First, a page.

Warrior Games Brings Resilient Athletes to Chicago

Christy Gardner wobbled a bit after crossing the finish line of her 200-meter race on Sunday.

“My legs are starting to come off,” she said.

Any runner might feel jelly-limbed after an all-out effort. But Gardner literally meant that her two blade-shaped, spike-footed prosthetics were shifting from their sockets.

The slippage didn’t hold her back. Gardner won her classification (based on type of disability) in not only the 200 meters, but also the 100, 400, and 800 meters during the track competition at the Department of Defense Warrior Games.

Gardner—an Army veteran from Maine hurt in the line of duty—was one of about 265 wounded warriors in Chicago June 30 to July 8 for the Warrior Games. Teams from all branches of the military faced off in eight Paralympic-style sports, including archery, basketball, sitting volleyball, and swimming.

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Some, like Gardner, came with visible wounds. Others carried impairments you couldn’t see—traumatic brain injuries, vision loss, post-traumatic stress disorder, illnesses like cancer.

Such obstacles often remove service members from duty and make navigating daily life difficult. To ease the transition, each branch—from Army to Special Operations—offers a Wounded Warrior program. Through these organizations, active-duty military members, veterans, and their families receive resources and support beyond medical care.

Adaptive sports are often part of the recovery and rehabilitation process. Training and competing shifts athletes’ focus from what they can’t do to what they can: Make lay-ups, sprint around tracks, hoist and launch a shot put or discus.

Since 2010, the Warrior Games has showcased these efforts. The event gives wounded warriors a goal to target in their athletic careers, and the public display demonstrates participants’ strength and resilience to spectators. The key message: Even if these individuals’ lives have changed, they’re still full and fulfilling, complete with finish lines to cross and records to smash.

This year marked the first the games were held entirely off a military base or U.S. Olympic Committee facility. Events took place at venues all around the city of Chicago, including McCormick Place and Soldier Field (which was also the site of opening ceremonies featuring Kelly Clarkson, Blake Shelton and Jon Stewart).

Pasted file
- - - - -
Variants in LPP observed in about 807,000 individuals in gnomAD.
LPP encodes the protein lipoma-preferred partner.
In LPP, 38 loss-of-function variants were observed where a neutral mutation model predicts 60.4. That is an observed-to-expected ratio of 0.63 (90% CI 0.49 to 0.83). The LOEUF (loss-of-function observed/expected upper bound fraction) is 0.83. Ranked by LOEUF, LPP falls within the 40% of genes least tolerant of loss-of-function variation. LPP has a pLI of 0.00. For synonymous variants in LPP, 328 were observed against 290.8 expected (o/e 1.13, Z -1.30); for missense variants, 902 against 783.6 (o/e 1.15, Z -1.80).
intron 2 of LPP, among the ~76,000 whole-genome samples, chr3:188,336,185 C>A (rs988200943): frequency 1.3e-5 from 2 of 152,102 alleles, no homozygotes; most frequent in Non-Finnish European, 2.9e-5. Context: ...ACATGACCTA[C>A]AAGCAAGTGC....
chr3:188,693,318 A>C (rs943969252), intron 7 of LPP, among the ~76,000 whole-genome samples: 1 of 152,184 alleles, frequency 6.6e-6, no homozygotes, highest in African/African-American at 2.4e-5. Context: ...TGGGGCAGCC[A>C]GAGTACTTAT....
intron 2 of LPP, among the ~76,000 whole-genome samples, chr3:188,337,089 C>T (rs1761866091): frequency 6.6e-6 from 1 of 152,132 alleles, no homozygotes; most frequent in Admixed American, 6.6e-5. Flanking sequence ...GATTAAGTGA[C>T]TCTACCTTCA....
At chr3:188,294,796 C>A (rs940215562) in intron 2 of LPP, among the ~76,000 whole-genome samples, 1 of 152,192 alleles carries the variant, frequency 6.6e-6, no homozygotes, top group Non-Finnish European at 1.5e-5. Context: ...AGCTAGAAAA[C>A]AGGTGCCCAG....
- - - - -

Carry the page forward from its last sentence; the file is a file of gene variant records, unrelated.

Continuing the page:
I’m a runner and a track fan, so I made my way to Lane Tech Academy to watch the individual and relay races. The meet lasted all afternoon and into the evening, with events ranging in distance from 100 to 1500 meters.

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Some athletes whizzed by in racing chairs, others with prosthetic limbs, and many visually impaired competitors ran with guides. As I crouched by the finish line snapping photos, I heard chants of “Air Force!” and “Marines!” from supporters in the stands. On each athlete’s face, I saw the determined grit that signifies a hard-fought finishing kick.

However, I also noticed something else. Nearly each time a race finished, the competitors shared a fist bump, a high-five or a sweaty embrace. The camaraderie was clear, even among those from different branches, theoretically on opposing teams.

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They raced to win, of course—these athletes didn’t get where they are by graciously conceding. But along the way, they celebrated the victory represented by being part of the games in the first place.

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About Cindy Kuzma

Cindy Kuzma is a freelance health and fitness writer and a contributing editor at Runner’s World magazine. She grew up in Texas and moved to Chicago to earn her master’s in journalism at Northwestern University; once she saw the lakefront running trail, she decided to stay. She’s finished 19 marathons and also loves lifting heavy weights, yoga, live music and running to the Green City Market from Andersonville and taking the bus home with a ridiculous haul of fresh veggies. Cindy is the producer and co-host on aSweatLife's podcast, #WeGotGoals. She’s written for Women’s Health, Men’s Health, Prevention, Shape and other publications as well—you can read her work at www.cindykuzma.com.